Large asteroids have fallen two more times on Earth in the last 290 million years, compared with more than 700 million years ago, according to a study published in the journal Science.
Scientists have said that there is no need to fear, as asteroids measure Earth every few million years, despite the increase in this phenomenon. This statement was previously confirmed by NASA's NASA Space Agency, stating that there is no immediate threat to humanity.
The greatest "possible" danger can be expected from a 1.3 km asteroid that has a 99.9% chance of losing Earth in 861 years.
However, some scientists believe dinosaurs and numerous species have disappeared from the fall of asteroids in Central America 65 million years ago.
"These events are so rare and far from us that we do not have to worry," said study author Sara Mazruej of the University of Toronto.
She and scientists from Britain and the United States made a list of craters larger than 20 kilometers on Earth and the Moon, saying a crater needed a flying asteroid about 800 meters.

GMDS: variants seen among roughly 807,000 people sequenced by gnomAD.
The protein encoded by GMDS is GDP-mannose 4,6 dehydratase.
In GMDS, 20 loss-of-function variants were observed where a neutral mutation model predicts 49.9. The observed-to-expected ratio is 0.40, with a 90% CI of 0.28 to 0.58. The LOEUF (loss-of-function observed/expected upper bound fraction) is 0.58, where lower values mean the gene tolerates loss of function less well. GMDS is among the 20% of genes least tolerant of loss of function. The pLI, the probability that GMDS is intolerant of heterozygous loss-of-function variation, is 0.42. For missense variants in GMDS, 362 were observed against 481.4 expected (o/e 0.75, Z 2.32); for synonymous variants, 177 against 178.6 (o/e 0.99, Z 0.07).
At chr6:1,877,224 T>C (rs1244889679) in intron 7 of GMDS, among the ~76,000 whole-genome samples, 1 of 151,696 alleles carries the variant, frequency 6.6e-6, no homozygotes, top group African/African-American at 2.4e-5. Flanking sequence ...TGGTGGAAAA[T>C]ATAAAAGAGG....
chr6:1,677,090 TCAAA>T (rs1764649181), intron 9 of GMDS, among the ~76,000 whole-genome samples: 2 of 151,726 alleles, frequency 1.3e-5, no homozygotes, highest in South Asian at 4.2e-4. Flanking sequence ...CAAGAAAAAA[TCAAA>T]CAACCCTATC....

The team of experts has established 39 craters with about 290 million years and nine craters over 650 million years old.
"We can see relatively few craters on Earth because our planet is 70 percent below the oceans and the ancient glaciers may have offset some craters," said researcher Rebecca Ghent of the University of Toronto.
In the last 290 million years, about 260 celestial bodies have fallen to Earth, representing 2.6 times more than 700 million years ago.